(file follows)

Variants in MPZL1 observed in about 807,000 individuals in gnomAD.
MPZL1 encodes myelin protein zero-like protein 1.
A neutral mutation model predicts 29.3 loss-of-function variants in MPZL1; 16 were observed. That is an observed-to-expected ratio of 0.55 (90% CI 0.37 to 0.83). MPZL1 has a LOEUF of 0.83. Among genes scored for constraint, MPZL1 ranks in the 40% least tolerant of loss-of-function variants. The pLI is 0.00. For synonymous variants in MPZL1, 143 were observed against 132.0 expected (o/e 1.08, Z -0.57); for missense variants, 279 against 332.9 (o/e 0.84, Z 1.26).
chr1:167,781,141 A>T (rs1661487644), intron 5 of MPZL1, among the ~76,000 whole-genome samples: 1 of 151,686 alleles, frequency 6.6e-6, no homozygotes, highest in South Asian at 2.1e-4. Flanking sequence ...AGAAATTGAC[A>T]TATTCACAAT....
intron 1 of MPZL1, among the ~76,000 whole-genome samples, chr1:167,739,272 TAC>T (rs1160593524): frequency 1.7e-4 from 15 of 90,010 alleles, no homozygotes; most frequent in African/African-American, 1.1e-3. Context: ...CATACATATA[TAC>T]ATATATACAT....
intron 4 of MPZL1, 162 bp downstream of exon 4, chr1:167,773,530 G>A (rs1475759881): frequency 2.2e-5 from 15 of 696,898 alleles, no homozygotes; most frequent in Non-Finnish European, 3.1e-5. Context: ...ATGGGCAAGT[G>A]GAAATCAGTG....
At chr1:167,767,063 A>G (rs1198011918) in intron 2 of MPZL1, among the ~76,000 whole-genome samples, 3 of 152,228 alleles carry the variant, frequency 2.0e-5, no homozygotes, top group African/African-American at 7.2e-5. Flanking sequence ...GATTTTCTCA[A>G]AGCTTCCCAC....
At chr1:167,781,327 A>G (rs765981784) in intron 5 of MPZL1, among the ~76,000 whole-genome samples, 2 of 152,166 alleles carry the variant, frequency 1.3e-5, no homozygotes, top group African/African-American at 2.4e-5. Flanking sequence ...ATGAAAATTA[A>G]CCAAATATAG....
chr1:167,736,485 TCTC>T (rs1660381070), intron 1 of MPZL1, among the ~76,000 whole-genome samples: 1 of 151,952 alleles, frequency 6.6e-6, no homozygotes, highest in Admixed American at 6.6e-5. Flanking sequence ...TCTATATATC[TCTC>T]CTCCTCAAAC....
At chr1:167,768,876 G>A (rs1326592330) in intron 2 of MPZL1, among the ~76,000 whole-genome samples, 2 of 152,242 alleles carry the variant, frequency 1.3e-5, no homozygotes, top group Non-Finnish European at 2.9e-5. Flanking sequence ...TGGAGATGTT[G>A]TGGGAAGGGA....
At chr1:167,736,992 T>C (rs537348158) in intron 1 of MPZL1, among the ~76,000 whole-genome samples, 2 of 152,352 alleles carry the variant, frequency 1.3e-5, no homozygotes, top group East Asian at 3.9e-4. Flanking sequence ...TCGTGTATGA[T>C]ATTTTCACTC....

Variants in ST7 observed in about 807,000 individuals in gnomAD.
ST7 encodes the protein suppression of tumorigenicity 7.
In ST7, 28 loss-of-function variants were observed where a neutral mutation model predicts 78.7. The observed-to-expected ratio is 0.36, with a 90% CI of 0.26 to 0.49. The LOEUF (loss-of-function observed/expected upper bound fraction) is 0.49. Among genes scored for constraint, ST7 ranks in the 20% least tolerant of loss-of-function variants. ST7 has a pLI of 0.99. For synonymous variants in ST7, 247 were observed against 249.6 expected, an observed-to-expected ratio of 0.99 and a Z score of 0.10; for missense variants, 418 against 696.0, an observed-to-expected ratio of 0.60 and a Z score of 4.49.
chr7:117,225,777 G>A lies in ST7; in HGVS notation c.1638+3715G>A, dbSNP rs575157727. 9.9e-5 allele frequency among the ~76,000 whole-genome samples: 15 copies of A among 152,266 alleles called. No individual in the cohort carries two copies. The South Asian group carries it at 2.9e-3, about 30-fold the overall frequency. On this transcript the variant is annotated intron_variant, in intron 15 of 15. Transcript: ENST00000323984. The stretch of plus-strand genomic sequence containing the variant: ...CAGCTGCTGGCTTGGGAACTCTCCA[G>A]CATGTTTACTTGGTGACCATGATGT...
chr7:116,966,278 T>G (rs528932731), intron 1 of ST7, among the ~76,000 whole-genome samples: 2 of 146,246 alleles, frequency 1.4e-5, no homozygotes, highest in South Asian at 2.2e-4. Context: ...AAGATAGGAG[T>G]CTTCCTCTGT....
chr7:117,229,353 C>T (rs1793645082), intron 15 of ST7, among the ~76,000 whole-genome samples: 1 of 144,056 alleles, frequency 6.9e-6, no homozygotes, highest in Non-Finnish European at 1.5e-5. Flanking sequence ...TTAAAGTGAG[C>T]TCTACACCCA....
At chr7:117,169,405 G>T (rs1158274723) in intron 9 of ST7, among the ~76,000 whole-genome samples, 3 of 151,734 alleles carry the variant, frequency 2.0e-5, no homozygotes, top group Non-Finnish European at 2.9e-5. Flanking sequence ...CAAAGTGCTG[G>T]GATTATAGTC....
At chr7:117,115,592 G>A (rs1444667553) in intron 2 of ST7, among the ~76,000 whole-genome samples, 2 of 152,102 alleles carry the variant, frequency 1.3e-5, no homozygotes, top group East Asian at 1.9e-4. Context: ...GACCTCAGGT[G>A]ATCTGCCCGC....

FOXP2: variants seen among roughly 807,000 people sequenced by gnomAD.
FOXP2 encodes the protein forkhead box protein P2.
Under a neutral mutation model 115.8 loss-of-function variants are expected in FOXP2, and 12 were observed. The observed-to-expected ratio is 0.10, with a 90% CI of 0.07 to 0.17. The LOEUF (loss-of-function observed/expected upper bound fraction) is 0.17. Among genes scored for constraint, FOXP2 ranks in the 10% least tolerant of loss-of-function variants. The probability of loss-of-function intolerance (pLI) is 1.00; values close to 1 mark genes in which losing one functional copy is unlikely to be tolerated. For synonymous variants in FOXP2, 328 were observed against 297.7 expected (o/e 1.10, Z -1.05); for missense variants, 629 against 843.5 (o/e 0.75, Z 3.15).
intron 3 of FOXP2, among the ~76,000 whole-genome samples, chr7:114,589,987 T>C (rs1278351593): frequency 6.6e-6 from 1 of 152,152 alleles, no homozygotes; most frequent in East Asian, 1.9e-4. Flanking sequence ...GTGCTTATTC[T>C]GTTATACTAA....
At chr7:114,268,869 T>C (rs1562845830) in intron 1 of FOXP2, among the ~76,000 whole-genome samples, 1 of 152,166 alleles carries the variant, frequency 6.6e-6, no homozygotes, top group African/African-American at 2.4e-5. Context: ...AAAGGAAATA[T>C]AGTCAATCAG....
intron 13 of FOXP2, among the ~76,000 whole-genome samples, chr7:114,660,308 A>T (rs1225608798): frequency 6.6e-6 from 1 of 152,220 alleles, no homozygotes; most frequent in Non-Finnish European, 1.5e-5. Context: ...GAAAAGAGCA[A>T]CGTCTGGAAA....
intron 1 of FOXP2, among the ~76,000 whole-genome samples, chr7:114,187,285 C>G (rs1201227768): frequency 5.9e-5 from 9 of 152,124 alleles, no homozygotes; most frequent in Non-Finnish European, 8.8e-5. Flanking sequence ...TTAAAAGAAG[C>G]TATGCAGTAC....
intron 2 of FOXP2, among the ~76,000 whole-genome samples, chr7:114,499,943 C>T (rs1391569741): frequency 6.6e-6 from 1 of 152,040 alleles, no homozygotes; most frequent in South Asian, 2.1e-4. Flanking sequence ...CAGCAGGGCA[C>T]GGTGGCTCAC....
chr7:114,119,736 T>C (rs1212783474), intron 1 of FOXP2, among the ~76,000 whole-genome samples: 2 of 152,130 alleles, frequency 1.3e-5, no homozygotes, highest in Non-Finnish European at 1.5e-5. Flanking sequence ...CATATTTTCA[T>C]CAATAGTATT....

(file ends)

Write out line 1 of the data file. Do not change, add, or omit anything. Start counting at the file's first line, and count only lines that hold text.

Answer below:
Variants in MPZL1 observed in about 807,000 individuals in gnomAD.